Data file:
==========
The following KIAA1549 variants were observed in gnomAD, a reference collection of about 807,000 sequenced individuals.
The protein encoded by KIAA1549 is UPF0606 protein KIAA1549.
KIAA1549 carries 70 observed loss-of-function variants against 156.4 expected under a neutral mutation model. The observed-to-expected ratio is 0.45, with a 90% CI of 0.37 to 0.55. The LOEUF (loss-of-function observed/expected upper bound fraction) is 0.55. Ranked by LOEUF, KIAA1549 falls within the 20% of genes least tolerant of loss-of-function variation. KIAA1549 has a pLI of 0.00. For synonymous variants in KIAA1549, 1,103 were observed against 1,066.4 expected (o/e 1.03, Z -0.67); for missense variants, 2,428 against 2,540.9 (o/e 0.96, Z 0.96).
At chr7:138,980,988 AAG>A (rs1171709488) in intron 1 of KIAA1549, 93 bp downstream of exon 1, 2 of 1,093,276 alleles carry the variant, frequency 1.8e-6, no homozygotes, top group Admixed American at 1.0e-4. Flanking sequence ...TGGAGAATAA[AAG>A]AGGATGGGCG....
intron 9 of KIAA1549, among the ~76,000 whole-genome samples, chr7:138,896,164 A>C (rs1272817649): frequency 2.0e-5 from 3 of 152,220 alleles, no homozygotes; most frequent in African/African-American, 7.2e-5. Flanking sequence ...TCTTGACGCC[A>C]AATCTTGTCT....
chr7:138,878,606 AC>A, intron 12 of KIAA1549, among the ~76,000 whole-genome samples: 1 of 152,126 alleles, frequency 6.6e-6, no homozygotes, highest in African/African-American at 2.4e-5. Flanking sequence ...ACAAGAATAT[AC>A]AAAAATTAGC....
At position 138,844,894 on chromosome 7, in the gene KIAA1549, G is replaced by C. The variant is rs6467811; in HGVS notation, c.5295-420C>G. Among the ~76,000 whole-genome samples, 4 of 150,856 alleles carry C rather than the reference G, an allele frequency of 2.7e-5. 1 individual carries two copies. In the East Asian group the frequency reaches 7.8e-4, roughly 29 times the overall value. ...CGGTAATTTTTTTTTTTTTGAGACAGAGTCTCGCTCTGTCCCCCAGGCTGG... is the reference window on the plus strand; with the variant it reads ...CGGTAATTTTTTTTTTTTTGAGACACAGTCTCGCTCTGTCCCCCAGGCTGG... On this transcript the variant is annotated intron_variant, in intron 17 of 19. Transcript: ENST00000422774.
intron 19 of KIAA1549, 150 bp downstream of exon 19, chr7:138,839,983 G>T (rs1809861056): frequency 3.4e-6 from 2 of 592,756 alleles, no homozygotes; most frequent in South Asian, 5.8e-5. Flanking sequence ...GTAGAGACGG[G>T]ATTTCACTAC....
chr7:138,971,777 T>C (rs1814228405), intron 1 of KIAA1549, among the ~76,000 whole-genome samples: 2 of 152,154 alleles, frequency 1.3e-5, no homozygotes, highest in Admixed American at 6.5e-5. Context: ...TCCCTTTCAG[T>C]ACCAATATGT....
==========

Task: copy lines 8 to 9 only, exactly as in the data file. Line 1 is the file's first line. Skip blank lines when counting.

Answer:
intron 19 of KIAA1549, 150 bp downstream of exon 19, chr7:138,839,983 G>T (rs1809861056): frequency 3.4e-6 from 2 of 592,756 alleles, no homozygotes; most frequent in South Asian, 5.8e-5. Flanking sequence ...GTAGAGACGG[G>T]ATTTCACTAC....
chr7:138,971,777 T>C (rs1814228405), intron 1 of KIAA1549, among the ~76,000 whole-genome samples: 2 of 152,154 alleles, frequency 1.3e-5, no homozygotes, highest in Admixed American at 6.5e-5. Context: ...TCCCTTTCAG[T>C]ACCAATATGT....